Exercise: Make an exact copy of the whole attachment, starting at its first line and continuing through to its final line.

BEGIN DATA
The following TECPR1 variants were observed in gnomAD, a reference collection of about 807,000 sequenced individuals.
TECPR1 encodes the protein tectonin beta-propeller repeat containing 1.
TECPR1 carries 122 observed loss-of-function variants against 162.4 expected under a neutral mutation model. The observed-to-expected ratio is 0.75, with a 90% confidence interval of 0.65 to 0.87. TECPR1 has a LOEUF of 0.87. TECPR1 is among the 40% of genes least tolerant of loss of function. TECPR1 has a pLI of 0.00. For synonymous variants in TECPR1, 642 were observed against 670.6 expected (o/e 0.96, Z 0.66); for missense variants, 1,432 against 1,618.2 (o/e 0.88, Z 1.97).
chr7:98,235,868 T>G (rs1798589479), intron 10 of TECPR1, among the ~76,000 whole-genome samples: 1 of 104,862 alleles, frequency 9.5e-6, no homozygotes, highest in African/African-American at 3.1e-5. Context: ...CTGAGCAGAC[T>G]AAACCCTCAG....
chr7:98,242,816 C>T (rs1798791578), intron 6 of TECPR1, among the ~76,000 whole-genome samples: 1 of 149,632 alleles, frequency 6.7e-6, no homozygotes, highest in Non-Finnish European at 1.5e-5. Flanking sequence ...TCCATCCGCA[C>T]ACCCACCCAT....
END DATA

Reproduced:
The following TECPR1 variants were observed in gnomAD, a reference collection of about 807,000 sequenced individuals.
TECPR1 encodes the protein tectonin beta-propeller repeat containing 1.
TECPR1 carries 122 observed loss-of-function variants against 162.4 expected under a neutral mutation model. The observed-to-expected ratio is 0.75, with a 90% confidence interval of 0.65 to 0.87. TECPR1 has a LOEUF of 0.87. TECPR1 is among the 40% of genes least tolerant of loss of function. TECPR1 has a pLI of 0.00. For synonymous variants in TECPR1, 642 were observed against 670.6 expected (o/e 0.96, Z 0.66); for missense variants, 1,432 against 1,618.2 (o/e 0.88, Z 1.97).
chr7:98,235,868 T>G (rs1798589479), intron 10 of TECPR1, among the ~76,000 whole-genome samples: 1 of 104,862 alleles, frequency 9.5e-6, no homozygotes, highest in African/African-American at 3.1e-5. Context: ...CTGAGCAGAC[T>G]AAACCCTCAG....
chr7:98,242,816 C>T (rs1798791578), intron 6 of TECPR1, among the ~76,000 whole-genome samples: 1 of 149,632 alleles, frequency 6.7e-6, no homozygotes, highest in Non-Finnish European at 1.5e-5. Flanking sequence ...TCCATCCGCA[C>T]ACCCACCCAT....